BOLI Finalizes Rules for Manufacturing Overtime

Published Thursday, January 4, 2018

The Oregon Bureau of Labor & Industries (BOLI) has published its final rules on daily and weekly overtime relating to manufacturing establishments, bringing clarity to a dispute that started in 2016.

The rules spell out how HB 3458 will be enforced. The need for an overtime bill arose after BOLI changed its interpretation of how manufacturers should apply daily and weekly overtime. The changed interpretation required payment of both daily and weekly overtime premiums in some circumstances.

Daily overtime applies after 10 hours in a workday and weekly overtime applies after 40 hours in a workweek. HB 3458 requires that manufacturing employers who owe daily and weekly overtime calculate the two amounts and pay the greater of the two - but not both. It caps daily manufacturing hours at 13 and caps weekly hours at 55, with five more hours allowed if employee agrees or requests to work them, and adds civil penalties for unlawfully requiring employees to work more than allowable hours per week.

For manufacturers dealing with perishable products, the bill allows the cap to be raised to 80 hours per week for up to 21 weeks, upon filing of an undue hardship notice with BOLI. Within that 21-week period, it allows the cap to be raised to 84 hours per week for four weeks, upon filing of additional undue hardship notice.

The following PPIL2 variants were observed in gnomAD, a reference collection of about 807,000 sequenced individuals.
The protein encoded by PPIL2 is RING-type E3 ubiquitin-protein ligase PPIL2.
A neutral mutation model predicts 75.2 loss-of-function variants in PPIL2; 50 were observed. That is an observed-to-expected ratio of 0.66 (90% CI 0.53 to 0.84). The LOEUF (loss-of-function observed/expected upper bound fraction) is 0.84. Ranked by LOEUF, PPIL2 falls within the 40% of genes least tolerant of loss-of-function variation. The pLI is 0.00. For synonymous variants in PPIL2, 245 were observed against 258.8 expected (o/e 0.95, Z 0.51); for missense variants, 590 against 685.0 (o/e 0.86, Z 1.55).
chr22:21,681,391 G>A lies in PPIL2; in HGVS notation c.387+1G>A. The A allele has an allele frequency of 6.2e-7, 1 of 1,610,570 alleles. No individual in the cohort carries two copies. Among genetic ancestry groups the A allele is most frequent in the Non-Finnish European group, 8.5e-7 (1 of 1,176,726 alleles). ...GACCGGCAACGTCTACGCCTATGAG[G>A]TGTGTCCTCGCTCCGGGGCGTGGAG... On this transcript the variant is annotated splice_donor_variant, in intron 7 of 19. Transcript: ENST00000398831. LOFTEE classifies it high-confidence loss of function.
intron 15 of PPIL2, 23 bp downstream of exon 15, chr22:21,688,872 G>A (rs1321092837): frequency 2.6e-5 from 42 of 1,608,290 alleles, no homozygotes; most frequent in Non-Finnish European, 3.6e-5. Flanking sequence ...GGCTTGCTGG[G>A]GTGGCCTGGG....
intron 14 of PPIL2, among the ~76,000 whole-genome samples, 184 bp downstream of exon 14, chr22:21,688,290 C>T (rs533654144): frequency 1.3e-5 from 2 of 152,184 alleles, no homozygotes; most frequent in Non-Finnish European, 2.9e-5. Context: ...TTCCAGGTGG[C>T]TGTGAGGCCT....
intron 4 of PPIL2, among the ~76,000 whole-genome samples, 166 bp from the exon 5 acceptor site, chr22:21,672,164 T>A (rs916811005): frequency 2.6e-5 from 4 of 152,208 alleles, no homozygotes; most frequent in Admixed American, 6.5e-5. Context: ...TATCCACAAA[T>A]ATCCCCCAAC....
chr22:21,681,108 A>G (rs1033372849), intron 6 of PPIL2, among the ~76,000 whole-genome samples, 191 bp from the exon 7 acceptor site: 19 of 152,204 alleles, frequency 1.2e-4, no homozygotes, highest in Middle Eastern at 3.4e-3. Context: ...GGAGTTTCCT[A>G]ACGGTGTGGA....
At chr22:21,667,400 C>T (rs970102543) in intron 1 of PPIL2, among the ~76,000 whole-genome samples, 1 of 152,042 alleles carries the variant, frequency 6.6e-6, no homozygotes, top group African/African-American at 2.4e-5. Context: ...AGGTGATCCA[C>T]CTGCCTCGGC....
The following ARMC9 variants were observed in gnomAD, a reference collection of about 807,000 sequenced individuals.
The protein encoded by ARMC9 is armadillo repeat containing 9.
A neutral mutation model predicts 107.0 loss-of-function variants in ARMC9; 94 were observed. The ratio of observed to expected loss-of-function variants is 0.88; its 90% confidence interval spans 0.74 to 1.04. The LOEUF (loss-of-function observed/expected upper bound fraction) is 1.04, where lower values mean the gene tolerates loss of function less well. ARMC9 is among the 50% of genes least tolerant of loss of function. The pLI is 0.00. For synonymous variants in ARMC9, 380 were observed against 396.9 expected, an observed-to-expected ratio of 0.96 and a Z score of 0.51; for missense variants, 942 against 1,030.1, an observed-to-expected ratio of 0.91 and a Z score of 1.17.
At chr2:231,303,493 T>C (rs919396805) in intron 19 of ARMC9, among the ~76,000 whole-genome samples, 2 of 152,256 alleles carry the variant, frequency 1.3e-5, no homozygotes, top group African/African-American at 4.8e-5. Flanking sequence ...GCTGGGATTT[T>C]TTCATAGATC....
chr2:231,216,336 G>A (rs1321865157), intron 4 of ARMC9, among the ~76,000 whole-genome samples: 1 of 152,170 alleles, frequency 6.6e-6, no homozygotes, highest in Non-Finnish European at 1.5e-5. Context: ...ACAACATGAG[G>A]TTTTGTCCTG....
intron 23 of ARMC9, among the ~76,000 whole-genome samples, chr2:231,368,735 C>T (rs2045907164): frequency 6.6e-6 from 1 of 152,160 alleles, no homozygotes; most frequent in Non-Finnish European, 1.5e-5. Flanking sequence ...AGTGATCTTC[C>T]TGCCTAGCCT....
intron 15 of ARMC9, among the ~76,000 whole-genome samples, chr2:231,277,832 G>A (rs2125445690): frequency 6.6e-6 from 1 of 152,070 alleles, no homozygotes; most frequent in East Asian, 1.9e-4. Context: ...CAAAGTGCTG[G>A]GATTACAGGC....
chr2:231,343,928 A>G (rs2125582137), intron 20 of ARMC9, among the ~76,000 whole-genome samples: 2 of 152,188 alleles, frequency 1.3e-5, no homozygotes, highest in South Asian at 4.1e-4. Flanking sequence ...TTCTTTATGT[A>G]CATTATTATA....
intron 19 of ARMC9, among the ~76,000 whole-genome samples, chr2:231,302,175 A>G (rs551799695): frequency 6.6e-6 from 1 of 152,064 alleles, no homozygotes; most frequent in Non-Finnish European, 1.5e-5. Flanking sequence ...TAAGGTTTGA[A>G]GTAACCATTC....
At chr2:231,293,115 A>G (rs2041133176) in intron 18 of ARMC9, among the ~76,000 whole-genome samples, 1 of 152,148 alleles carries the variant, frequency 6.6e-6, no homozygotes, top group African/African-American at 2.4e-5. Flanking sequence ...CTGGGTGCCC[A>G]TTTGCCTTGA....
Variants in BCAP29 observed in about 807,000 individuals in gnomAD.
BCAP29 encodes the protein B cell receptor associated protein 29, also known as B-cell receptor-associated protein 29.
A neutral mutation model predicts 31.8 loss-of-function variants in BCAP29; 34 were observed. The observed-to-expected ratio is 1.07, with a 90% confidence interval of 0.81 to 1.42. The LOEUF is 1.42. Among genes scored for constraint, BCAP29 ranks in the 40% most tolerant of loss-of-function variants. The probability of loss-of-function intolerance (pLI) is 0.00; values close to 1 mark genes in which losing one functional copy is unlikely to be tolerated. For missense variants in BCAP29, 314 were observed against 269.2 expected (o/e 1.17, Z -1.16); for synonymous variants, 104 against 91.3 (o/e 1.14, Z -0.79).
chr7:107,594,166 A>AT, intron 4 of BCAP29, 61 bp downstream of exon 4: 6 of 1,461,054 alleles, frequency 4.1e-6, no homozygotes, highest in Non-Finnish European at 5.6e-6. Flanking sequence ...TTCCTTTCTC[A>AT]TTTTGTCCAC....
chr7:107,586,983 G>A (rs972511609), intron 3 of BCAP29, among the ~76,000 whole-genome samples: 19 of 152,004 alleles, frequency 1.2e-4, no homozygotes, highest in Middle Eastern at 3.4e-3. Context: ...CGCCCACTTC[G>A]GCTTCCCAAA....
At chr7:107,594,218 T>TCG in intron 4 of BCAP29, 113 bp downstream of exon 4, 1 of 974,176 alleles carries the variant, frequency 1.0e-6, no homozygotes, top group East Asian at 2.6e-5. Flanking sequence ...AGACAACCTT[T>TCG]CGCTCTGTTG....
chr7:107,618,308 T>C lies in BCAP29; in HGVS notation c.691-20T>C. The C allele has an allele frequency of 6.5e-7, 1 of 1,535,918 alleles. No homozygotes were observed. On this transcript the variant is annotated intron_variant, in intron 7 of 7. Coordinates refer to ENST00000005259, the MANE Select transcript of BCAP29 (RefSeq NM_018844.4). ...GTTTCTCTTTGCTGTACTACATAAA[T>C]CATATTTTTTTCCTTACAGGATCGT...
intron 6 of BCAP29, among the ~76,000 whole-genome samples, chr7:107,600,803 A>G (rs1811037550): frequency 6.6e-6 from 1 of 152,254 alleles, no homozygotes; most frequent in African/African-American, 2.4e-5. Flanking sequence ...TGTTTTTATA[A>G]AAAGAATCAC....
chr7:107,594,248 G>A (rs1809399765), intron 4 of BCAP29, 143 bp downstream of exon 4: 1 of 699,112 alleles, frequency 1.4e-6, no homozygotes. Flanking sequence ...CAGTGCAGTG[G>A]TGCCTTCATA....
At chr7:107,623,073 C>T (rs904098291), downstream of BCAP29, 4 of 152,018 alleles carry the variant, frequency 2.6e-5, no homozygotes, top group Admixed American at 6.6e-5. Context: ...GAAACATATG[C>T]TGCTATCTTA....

Through its rulemaking process, which OBI participated in, BOLI clarified which employers must follow the new OT standards: mills, factories, manufacturing establishments, canneries, driers and packing plants. However, there still is concern that the term "manufacturing establishments" is too broad.

The final regulations also clarify that employers may, but are not required to, use BOLI's written request/consent form for employees who agree to work up to 60 hours per workweek. The rules also stipulate that an employee must inform the employer of the employee's withdrawal of consent in writing at least seven calendar days prior to the start of the workweek in which the employee no longer agrees to work over 55 hours. Employers who choose not to use BOLI's form should still include the seven days withdrawal notice requirement in their own forms.

However, employers applying to the state for the undue hardship exceptions to work more than 60 hours a week must follow strict notice requirements and use BOLI's undue hardship request/consent form.

The rules for calculation of overtime payments already are in effect, but weekly caps and civil penalties are delayed until January 1, 2018.